Brazilian President Dilma Rouseff at the White House. (Kevin Lamarque / Courtesy Reuters)
Until recently, the consensus view of Brazil among investors and pundits was almost universally bullish. Under the landmark presidency of Luiz Inácio Lula da Silva, the country became known as a paragon of financial responsibility among emerging markets. Having contained hyperinflation and reduced its debt, Brazil weathered the 2008 financial crisis better than most, growing at an average annual rate of nearly four percent over the past five years. And in the last ten years, some 30 million Brazilians have entered the middle class, giving their country, according to Brazil's promoters, the power to expand despite a turbulent global environment and to reduce income inequality even as it grew elsewhere in Latin America.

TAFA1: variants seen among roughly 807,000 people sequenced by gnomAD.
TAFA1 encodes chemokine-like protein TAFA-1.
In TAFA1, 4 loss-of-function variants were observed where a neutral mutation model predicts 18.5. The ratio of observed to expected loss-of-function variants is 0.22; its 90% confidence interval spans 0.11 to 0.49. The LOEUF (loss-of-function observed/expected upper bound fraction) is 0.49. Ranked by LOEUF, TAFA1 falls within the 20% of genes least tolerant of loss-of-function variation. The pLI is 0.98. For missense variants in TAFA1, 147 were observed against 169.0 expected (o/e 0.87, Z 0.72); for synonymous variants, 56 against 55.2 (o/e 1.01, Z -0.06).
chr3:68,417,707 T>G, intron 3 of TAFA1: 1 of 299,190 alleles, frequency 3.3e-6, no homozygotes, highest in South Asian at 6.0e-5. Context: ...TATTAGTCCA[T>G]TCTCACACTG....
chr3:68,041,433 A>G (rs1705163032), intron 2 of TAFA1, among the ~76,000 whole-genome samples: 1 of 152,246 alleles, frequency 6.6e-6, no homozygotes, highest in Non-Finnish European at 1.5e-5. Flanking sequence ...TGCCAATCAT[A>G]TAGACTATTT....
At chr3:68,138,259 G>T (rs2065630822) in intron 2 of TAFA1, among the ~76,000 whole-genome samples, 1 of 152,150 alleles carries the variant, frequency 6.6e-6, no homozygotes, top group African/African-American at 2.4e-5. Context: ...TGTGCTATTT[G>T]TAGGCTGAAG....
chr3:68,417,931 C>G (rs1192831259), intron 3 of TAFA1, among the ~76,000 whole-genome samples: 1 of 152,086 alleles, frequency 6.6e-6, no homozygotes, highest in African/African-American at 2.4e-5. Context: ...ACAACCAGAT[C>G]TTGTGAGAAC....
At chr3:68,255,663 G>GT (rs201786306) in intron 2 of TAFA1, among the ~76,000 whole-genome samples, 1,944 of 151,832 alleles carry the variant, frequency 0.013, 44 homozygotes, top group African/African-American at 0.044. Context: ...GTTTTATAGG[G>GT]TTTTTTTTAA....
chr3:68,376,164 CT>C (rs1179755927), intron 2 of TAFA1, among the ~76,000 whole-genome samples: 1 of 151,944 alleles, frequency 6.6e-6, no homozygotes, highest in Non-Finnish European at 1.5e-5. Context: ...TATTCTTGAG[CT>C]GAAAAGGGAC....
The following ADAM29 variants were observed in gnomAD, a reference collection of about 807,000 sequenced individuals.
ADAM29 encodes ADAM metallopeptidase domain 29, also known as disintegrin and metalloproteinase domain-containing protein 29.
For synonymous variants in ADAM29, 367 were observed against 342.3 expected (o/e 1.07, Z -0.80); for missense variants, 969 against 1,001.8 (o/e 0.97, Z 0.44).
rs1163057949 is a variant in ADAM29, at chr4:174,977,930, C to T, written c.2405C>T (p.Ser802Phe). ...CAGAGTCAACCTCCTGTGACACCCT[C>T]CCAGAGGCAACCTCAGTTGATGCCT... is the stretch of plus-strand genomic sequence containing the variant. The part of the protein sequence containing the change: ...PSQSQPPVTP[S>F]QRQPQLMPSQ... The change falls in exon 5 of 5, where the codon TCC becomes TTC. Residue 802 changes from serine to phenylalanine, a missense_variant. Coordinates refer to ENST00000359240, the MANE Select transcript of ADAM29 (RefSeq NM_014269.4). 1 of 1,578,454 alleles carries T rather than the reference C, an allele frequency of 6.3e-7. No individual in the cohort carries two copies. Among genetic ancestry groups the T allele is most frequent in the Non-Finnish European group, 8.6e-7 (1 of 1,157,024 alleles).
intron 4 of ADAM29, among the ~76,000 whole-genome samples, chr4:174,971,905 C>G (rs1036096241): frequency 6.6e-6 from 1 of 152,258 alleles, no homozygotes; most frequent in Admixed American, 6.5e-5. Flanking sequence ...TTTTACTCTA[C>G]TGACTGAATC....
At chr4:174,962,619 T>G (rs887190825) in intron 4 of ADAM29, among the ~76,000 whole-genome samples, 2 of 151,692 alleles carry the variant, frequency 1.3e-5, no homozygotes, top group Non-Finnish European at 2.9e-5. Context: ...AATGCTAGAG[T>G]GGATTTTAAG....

This decade of success has made Brazil one of the most hyped emerging-market nations, with one of the two top-performing stock markets in the world and receiving more foreign direct investment than most other countries. Over the past five years, the amount of foreign money flooding into Brazilian stocks and bonds surged to record levels, with inflows expanding from $5 billion in 2007 to more than $70 billion through this past January. Brazil's rise has solidified its reputation as a leading member of the BRICS -- Brazil, Russia, India, China, and South Africa -- the world's top emerging markets, which many expect to supplant the United States and Europe soon as the largest drivers of the global economy.
Yet this glowing image of Brazil rests on an extremely shaky
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